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Reasons Small Companies Fail

“Small business failure.” This short phrase of just three words carries enormous emotional impact and meaning.

According to the Small Business Administration (SBA), only 50% of companies survive at least 5 years and only 33% survive at least 10 years.

These are daunting odds for any small business owner or startup founder. In our experience providing outsourced CFO services in the San Francisco Bay Area and in Silicon Valley, the mantra “Grow Fast, Fail Fast” has taken hold. Unfortunately, the failure rates are probably even higher than the rest of the country due to this mentality.

What can a small company or startup do to improve the odds of success? A recent article called “10 Reasons Small Companies Fail” lists some common reasons for failure.

Here is a summary of some of the more prominent things to avoid:

  • “Insufficient Capital”

“Starting a business without sufficient operating capital is almost certainly a death-knell. Not only that but many new business owners underestimate the perils of riding the cash flow roller coaster. In fact, according to Hiscox’s 2015 DNA of an EntrepreneurReport, 21 percent of US entrepreneurs have resorted to using their credit cards to fund their businesses.”

Far too many entrepreneurs and business owners underestimate how much startup capital is required before their new business venture turns profitable and starts generating cash flow. The classic example is a new restaurant which sinks its limited startup capital into retrofitting a space over a period of months just to get the place open and then have no plan on how to survive the initial period of months of negative cash flow after opening. This is also equally true with companies in the manufacturing and technology industries.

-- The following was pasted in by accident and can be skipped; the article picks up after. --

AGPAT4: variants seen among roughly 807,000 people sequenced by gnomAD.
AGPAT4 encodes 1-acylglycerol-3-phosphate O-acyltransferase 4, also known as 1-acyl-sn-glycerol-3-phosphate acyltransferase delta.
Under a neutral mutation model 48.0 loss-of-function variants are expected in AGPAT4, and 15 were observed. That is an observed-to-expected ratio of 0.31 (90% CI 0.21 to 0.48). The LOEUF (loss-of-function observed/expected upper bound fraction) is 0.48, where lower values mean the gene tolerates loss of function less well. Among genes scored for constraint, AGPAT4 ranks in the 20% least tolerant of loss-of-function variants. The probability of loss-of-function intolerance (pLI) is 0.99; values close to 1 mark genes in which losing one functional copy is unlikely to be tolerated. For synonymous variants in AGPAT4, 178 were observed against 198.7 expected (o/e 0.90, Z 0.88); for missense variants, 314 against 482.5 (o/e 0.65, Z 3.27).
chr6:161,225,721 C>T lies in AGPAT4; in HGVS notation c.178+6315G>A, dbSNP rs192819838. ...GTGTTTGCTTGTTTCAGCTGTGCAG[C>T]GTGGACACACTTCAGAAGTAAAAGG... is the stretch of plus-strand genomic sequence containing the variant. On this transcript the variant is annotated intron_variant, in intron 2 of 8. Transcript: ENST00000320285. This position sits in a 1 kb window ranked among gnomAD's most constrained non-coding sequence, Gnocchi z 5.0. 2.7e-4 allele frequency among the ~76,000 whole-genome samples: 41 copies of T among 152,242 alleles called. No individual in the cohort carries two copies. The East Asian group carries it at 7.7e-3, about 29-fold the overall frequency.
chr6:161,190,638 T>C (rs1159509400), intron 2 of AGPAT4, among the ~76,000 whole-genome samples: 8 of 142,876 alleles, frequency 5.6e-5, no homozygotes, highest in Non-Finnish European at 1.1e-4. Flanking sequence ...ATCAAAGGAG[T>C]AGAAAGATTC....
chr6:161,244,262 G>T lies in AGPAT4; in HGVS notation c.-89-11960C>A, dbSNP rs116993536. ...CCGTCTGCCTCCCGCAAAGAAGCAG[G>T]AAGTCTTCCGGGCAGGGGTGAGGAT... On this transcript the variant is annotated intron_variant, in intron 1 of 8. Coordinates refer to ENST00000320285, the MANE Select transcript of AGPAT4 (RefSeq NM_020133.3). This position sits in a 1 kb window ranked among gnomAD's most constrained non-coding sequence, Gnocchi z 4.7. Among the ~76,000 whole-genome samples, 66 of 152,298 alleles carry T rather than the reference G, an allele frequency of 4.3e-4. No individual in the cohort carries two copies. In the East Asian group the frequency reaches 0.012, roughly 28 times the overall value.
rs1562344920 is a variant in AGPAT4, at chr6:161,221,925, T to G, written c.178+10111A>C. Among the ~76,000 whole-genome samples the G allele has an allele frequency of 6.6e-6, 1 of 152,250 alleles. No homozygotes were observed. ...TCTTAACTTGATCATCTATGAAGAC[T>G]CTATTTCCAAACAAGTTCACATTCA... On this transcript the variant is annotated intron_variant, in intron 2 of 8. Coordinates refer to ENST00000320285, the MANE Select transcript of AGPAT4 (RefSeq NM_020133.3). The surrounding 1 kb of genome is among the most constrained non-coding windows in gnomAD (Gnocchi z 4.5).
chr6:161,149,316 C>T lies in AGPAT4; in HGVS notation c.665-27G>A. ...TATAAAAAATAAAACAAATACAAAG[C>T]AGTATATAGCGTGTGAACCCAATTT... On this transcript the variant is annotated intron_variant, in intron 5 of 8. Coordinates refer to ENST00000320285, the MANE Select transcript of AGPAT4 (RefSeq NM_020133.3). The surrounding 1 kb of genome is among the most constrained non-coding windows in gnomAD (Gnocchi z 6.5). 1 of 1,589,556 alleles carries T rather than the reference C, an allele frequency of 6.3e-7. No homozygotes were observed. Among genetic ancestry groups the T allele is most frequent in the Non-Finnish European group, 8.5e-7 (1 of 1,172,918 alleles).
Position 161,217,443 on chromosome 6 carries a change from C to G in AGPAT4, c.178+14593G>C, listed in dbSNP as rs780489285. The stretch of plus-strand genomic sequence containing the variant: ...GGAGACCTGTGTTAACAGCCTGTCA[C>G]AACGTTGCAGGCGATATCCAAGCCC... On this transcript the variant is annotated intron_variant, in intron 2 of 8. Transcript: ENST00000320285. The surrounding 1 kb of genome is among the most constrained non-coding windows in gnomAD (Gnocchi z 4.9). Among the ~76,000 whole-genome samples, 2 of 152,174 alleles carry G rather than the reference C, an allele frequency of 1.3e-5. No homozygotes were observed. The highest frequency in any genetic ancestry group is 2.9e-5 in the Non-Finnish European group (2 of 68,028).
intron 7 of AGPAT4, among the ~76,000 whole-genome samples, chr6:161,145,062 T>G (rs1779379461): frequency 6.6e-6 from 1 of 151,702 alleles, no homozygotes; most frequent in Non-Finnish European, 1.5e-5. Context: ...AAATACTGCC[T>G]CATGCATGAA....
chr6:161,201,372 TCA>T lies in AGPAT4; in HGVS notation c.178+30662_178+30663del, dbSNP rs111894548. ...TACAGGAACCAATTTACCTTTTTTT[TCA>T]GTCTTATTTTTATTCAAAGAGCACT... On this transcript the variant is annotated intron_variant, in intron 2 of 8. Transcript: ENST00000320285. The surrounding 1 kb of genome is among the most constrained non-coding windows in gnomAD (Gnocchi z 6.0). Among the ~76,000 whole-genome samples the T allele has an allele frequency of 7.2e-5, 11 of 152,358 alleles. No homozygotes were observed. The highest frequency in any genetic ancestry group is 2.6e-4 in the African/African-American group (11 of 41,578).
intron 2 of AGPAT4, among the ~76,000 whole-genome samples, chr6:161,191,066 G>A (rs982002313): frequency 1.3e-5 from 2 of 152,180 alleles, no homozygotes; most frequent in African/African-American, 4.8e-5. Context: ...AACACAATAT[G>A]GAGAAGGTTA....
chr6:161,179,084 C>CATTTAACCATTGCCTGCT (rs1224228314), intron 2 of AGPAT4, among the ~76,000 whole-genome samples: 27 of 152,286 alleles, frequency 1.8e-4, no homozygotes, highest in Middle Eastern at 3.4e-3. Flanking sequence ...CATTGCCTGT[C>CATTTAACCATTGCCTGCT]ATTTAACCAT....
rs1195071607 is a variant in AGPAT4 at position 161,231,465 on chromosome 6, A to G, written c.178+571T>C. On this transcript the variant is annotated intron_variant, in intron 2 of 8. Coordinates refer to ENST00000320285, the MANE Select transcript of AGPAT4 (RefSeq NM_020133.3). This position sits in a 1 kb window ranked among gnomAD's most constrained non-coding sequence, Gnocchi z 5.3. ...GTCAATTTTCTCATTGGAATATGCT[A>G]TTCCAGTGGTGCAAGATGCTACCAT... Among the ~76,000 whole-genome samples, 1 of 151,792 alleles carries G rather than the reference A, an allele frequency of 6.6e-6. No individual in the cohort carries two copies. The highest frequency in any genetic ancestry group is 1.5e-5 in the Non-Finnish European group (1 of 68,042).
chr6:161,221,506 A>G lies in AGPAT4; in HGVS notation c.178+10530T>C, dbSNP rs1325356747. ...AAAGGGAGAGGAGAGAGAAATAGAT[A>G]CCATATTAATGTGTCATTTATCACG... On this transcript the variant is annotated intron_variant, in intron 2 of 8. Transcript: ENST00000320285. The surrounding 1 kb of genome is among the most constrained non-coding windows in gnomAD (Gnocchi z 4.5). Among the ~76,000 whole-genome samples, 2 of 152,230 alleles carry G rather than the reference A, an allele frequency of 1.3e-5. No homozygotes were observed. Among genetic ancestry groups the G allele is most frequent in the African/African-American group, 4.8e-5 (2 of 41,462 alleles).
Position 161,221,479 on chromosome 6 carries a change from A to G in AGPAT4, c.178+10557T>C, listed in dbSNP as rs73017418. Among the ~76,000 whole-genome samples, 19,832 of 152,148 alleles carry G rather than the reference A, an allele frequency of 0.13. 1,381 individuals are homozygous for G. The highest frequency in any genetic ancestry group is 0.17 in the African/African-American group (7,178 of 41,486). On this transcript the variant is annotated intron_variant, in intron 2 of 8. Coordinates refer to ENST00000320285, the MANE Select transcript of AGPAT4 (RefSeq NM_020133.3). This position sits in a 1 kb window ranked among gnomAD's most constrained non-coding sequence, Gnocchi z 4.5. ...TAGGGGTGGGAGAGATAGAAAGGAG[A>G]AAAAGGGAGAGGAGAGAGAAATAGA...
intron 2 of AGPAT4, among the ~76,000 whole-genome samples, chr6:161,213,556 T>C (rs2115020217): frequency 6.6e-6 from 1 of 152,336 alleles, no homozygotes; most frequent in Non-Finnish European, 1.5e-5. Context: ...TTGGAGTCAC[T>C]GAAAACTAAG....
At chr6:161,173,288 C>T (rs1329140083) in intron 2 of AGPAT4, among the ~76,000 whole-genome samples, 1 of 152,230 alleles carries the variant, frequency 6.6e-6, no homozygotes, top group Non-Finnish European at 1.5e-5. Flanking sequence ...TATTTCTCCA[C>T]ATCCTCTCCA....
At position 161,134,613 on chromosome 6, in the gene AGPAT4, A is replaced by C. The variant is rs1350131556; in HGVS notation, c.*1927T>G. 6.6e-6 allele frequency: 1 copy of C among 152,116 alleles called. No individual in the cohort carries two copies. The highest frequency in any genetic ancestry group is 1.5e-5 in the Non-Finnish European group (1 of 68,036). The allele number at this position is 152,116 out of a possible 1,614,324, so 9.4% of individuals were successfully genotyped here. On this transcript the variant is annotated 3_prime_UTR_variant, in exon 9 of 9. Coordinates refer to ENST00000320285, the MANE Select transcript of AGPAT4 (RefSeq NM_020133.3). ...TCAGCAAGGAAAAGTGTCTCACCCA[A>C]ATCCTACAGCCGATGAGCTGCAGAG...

• “Improper Planning”

“Lack of proper planning is another common reason small companies fail and go out of business. All too often, entrepreneurs focused on achieving their dream of financial independence fail to take the painstaking but necessary step of creating a strategic business plan that factors in components such as workforce needs, analysis of competitors, sales and expense forecasts and marketing budgets.”

The cliché is true: “People don’t plan to fail, but they often fail to plan.” Entrepreneurs are often strong-willed, emotional personalities and make crucial decisions quickly. However, the reality of the financial complexities related to managing sales, costs, profits, and cash flow for a startup or new business is not something that can be done

  • “Expanding Too Quickly”

“More than one company has experienced bankruptcy as a result of the business owner’s reach exceeding his grasp concerning expansion.”

Too few business owners and startup founders understand the perils of growing too fast. Growing quickly puts a huge strain on cash flow due to hiring costs, operating losses, working capital needs, and capex. Even when sales are increasing rapidly, many companies fail due to the inability to manage the cash flow and financial stresses.

  • “Unprofitable Business Model”

The popular phrase “Business Model” is often abused and misunderstood. One of the first tasks we face as an incoming CFO is to educate the business owner, Founder, and management team on what a true Business Model is. Usually, this involves carefully analyzing the key drivers of sales, costs, financial ratios, profit margins, and other items.

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